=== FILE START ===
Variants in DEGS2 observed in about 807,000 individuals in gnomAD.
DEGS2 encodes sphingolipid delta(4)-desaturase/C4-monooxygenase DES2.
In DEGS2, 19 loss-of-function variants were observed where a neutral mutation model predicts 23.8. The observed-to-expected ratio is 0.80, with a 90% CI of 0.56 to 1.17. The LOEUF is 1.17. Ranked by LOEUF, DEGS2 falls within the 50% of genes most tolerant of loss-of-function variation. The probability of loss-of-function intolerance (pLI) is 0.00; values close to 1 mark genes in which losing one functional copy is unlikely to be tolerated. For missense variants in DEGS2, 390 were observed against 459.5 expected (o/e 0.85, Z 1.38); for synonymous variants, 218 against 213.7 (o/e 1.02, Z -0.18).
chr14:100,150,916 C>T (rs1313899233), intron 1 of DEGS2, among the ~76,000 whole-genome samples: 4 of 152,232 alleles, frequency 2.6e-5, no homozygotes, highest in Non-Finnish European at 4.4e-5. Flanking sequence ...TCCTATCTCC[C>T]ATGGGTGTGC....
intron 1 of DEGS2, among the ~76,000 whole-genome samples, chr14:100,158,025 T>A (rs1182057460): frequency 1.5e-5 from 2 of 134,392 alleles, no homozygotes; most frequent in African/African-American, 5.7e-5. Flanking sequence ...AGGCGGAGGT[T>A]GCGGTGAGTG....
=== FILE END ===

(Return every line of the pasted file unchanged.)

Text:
Variants in DEGS2 observed in about 807,000 individuals in gnomAD.
DEGS2 encodes sphingolipid delta(4)-desaturase/C4-monooxygenase DES2.
In DEGS2, 19 loss-of-function variants were observed where a neutral mutation model predicts 23.8. The observed-to-expected ratio is 0.80, with a 90% CI of 0.56 to 1.17. The LOEUF is 1.17. Ranked by LOEUF, DEGS2 falls within the 50% of genes most tolerant of loss-of-function variation. The probability of loss-of-function intolerance (pLI) is 0.00; values close to 1 mark genes in which losing one functional copy is unlikely to be tolerated. For missense variants in DEGS2, 390 were observed against 459.5 expected (o/e 0.85, Z 1.38); for synonymous variants, 218 against 213.7 (o/e 1.02, Z -0.18).
chr14:100,150,916 C>T (rs1313899233), intron 1 of DEGS2, among the ~76,000 whole-genome samples: 4 of 152,232 alleles, frequency 2.6e-5, no homozygotes, highest in Non-Finnish European at 4.4e-5. Flanking sequence ...TCCTATCTCC[C>T]ATGGGTGTGC....
intron 1 of DEGS2, among the ~76,000 whole-genome samples, chr14:100,158,025 T>A (rs1182057460): frequency 1.5e-5 from 2 of 134,392 alleles, no homozygotes; most frequent in African/African-American, 5.7e-5. Flanking sequence ...AGGCGGAGGT[T>A]GCGGTGAGTG....